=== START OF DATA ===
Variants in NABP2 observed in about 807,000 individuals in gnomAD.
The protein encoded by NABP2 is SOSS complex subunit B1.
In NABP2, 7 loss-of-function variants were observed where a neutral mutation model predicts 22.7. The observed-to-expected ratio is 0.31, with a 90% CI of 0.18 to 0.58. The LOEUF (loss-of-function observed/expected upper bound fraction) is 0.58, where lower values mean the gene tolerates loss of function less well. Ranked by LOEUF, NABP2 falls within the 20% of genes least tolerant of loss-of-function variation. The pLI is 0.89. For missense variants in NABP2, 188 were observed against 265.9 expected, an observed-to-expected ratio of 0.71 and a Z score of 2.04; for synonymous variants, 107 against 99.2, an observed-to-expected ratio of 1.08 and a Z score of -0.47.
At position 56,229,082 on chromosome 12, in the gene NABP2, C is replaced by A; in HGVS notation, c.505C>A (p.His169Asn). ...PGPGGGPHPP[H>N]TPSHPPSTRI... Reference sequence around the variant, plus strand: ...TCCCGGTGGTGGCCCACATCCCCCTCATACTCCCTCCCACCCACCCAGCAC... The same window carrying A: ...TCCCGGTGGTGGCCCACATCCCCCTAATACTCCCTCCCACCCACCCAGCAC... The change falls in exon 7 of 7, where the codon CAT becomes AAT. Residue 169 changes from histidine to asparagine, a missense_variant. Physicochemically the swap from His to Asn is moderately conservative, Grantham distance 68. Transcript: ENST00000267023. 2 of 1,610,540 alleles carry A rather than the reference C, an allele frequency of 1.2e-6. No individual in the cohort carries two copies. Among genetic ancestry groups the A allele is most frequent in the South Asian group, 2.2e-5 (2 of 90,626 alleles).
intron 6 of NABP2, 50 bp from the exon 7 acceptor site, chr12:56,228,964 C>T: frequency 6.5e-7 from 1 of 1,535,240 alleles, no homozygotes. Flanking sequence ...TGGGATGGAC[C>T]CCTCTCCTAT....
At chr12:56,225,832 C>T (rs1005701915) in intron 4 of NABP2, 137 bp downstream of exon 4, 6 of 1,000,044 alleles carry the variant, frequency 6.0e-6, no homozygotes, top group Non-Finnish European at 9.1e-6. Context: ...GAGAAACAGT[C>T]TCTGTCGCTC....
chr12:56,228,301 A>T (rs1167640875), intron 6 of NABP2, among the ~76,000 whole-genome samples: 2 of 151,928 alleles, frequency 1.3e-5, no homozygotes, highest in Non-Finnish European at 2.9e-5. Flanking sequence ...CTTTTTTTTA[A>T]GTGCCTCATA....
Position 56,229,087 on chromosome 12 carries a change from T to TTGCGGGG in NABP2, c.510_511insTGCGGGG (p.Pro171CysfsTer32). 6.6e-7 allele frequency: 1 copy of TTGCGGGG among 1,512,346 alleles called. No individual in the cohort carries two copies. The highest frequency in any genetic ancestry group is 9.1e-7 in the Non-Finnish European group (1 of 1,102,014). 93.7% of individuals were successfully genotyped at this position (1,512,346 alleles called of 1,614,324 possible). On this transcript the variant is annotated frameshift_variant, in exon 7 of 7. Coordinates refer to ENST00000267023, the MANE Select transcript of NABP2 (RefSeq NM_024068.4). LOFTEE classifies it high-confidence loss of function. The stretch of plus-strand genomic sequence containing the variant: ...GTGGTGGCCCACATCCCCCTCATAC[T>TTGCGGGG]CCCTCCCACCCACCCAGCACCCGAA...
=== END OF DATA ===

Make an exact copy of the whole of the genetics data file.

Variants in NABP2 observed in about 807,000 individuals in gnomAD.
The protein encoded by NABP2 is SOSS complex subunit B1.
In NABP2, 7 loss-of-function variants were observed where a neutral mutation model predicts 22.7. The observed-to-expected ratio is 0.31, with a 90% CI of 0.18 to 0.58. The LOEUF (loss-of-function observed/expected upper bound fraction) is 0.58, where lower values mean the gene tolerates loss of function less well. Ranked by LOEUF, NABP2 falls within the 20% of genes least tolerant of loss-of-function variation. The pLI is 0.89. For missense variants in NABP2, 188 were observed against 265.9 expected, an observed-to-expected ratio of 0.71 and a Z score of 2.04; for synonymous variants, 107 against 99.2, an observed-to-expected ratio of 1.08 and a Z score of -0.47.
At position 56,229,082 on chromosome 12, in the gene NABP2, C is replaced by A; in HGVS notation, c.505C>A (p.His169Asn). ...PGPGGGPHPP[H>N]TPSHPPSTRI... Reference sequence around the variant, plus strand: ...TCCCGGTGGTGGCCCACATCCCCCTCATACTCCCTCCCACCCACCCAGCAC... The same window carrying A: ...TCCCGGTGGTGGCCCACATCCCCCTAATACTCCCTCCCACCCACCCAGCAC... The change falls in exon 7 of 7, where the codon CAT becomes AAT. Residue 169 changes from histidine to asparagine, a missense_variant. Physicochemically the swap from His to Asn is moderately conservative, Grantham distance 68. Transcript: ENST00000267023. 2 of 1,610,540 alleles carry A rather than the reference C, an allele frequency of 1.2e-6. No individual in the cohort carries two copies. Among genetic ancestry groups the A allele is most frequent in the South Asian group, 2.2e-5 (2 of 90,626 alleles).
intron 6 of NABP2, 50 bp from the exon 7 acceptor site, chr12:56,228,964 C>T: frequency 6.5e-7 from 1 of 1,535,240 alleles, no homozygotes. Flanking sequence ...TGGGATGGAC[C>T]CCTCTCCTAT....
At chr12:56,225,832 C>T (rs1005701915) in intron 4 of NABP2, 137 bp downstream of exon 4, 6 of 1,000,044 alleles carry the variant, frequency 6.0e-6, no homozygotes, top group Non-Finnish European at 9.1e-6. Context: ...GAGAAACAGT[C>T]TCTGTCGCTC....
chr12:56,228,301 A>T (rs1167640875), intron 6 of NABP2, among the ~76,000 whole-genome samples: 2 of 151,928 alleles, frequency 1.3e-5, no homozygotes, highest in Non-Finnish European at 2.9e-5. Flanking sequence ...CTTTTTTTTA[A>T]GTGCCTCATA....
Position 56,229,087 on chromosome 12 carries a change from T to TTGCGGGG in NABP2, c.510_511insTGCGGGG (p.Pro171CysfsTer32). 6.6e-7 allele frequency: 1 copy of TTGCGGGG among 1,512,346 alleles called. No individual in the cohort carries two copies. The highest frequency in any genetic ancestry group is 9.1e-7 in the Non-Finnish European group (1 of 1,102,014). 93.7% of individuals were successfully genotyped at this position (1,512,346 alleles called of 1,614,324 possible). On this transcript the variant is annotated frameshift_variant, in exon 7 of 7. Coordinates refer to ENST00000267023, the MANE Select transcript of NABP2 (RefSeq NM_024068.4). LOFTEE classifies it high-confidence loss of function. The stretch of plus-strand genomic sequence containing the variant: ...GTGGTGGCCCACATCCCCCTCATAC[T>TTGCGGGG]CCCTCCCACCCACCCAGCACCCGAA...